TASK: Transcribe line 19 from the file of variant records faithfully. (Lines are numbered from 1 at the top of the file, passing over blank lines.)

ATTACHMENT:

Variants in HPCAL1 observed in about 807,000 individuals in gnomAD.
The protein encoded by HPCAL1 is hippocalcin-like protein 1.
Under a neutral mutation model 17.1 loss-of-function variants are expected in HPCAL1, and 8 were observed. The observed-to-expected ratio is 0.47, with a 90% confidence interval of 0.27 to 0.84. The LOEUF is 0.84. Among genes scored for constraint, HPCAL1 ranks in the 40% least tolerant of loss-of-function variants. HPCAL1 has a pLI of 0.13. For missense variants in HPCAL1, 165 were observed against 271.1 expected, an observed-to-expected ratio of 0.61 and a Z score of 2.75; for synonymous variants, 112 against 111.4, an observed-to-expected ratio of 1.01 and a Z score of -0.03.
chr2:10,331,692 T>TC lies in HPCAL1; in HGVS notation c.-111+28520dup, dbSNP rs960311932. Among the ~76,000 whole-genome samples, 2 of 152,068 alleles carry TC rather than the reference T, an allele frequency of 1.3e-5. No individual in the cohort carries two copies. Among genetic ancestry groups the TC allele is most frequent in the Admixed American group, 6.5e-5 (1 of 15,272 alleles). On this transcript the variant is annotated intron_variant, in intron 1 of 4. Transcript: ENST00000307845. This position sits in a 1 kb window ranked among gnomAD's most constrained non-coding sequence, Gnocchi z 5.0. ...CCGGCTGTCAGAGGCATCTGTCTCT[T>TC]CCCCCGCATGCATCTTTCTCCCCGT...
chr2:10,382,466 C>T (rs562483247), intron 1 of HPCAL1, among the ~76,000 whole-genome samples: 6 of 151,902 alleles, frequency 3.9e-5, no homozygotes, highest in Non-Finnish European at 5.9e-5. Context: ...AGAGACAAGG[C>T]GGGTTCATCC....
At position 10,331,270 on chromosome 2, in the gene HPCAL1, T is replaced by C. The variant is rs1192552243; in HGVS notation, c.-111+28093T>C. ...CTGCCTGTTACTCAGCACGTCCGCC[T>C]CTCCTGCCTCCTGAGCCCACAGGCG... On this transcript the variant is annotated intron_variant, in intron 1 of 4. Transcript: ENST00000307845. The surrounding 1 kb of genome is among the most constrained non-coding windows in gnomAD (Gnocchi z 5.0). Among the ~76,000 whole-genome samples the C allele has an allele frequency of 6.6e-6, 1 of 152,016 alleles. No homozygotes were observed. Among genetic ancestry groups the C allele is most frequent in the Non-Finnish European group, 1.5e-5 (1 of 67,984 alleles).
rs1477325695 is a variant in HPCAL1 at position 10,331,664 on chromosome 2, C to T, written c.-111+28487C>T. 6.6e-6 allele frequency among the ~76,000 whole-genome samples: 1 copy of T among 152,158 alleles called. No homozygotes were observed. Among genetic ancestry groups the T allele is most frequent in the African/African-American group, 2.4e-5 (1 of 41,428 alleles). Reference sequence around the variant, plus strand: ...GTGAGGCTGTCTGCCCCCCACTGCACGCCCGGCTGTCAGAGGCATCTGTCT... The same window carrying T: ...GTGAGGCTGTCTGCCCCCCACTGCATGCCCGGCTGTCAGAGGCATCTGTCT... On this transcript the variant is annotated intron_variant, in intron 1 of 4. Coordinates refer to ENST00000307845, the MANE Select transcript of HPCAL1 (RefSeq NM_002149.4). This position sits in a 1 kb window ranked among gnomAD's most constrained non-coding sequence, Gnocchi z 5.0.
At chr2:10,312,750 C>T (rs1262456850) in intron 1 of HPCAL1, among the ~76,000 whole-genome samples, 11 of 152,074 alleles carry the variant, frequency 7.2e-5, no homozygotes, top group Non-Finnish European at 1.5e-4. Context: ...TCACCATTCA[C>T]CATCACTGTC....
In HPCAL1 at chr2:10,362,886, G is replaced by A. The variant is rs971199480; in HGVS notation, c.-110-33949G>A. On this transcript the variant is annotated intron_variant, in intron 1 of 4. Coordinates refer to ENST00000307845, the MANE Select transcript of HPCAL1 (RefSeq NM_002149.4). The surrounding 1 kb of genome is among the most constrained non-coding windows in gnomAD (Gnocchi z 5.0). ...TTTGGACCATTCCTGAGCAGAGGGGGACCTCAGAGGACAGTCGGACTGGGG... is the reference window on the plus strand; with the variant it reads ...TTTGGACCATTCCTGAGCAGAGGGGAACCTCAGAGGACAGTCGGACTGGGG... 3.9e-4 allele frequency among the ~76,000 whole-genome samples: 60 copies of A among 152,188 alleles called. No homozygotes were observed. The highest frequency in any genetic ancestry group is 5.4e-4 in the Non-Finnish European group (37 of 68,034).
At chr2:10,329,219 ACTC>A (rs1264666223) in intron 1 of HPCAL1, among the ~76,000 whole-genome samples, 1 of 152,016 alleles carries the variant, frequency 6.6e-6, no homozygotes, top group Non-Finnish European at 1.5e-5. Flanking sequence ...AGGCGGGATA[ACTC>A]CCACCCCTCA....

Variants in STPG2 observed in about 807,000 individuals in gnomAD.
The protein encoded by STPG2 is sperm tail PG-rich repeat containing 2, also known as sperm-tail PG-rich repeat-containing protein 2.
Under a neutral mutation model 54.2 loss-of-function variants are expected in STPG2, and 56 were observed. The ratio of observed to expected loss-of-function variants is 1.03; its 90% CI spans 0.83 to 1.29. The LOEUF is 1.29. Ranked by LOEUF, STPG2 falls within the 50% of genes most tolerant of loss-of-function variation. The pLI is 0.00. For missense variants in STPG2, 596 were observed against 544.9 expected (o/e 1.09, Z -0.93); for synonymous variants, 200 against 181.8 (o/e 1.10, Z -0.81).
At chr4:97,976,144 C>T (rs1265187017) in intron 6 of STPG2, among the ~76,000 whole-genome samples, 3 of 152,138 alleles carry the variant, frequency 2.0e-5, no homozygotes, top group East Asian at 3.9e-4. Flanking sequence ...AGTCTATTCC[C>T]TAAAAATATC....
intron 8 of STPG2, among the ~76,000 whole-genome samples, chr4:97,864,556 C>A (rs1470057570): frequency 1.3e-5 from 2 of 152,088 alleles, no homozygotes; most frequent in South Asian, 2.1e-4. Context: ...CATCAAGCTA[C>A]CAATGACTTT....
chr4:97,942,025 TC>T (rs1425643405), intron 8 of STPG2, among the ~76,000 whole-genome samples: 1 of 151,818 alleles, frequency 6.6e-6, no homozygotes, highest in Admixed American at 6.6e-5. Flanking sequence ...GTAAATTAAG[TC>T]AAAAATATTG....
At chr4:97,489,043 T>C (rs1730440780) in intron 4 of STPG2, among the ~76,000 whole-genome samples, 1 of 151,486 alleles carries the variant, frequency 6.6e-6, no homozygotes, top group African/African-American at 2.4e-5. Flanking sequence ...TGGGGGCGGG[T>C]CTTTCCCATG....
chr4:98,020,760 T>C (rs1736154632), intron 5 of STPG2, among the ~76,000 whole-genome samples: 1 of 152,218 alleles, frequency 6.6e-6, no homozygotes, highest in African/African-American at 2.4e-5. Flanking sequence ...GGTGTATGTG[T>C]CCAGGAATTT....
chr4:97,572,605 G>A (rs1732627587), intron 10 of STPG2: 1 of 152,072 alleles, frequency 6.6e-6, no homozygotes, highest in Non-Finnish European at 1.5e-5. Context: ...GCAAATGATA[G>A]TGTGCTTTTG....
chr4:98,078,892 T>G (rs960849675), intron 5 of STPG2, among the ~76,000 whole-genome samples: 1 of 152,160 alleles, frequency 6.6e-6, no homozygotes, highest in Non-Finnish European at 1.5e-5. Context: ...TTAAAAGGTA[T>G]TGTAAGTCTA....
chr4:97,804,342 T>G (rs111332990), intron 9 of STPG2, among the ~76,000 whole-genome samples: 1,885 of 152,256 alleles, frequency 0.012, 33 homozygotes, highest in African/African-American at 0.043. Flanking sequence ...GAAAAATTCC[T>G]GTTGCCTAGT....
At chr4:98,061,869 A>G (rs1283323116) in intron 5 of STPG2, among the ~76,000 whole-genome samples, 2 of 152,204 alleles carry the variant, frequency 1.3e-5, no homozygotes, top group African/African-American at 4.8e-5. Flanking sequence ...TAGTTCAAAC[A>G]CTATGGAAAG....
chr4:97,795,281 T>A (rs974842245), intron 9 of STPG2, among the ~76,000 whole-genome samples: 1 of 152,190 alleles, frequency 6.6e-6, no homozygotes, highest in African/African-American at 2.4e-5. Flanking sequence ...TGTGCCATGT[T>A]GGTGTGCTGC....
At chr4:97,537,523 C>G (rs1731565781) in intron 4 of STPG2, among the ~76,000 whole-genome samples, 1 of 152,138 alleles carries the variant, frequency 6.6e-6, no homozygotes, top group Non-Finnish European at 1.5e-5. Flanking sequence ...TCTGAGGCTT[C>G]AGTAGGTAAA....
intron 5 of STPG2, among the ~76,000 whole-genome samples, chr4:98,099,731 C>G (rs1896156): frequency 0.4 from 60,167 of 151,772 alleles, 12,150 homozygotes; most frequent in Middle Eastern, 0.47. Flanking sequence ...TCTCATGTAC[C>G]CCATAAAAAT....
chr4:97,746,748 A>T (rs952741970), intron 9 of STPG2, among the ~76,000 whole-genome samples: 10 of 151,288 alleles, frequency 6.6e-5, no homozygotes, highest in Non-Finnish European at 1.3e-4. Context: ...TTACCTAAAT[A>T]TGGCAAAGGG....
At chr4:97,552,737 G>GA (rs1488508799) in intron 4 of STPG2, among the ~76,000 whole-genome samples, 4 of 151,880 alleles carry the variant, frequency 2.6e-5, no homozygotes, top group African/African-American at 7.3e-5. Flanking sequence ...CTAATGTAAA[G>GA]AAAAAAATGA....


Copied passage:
chr4:97,572,605 G>A (rs1732627587), intron 10 of STPG2: 1 of 152,072 alleles, frequency 6.6e-6, no homozygotes, highest in Non-Finnish European at 1.5e-5. Context: ...GCAAATGATA[G>A]TGTGCTTTTG....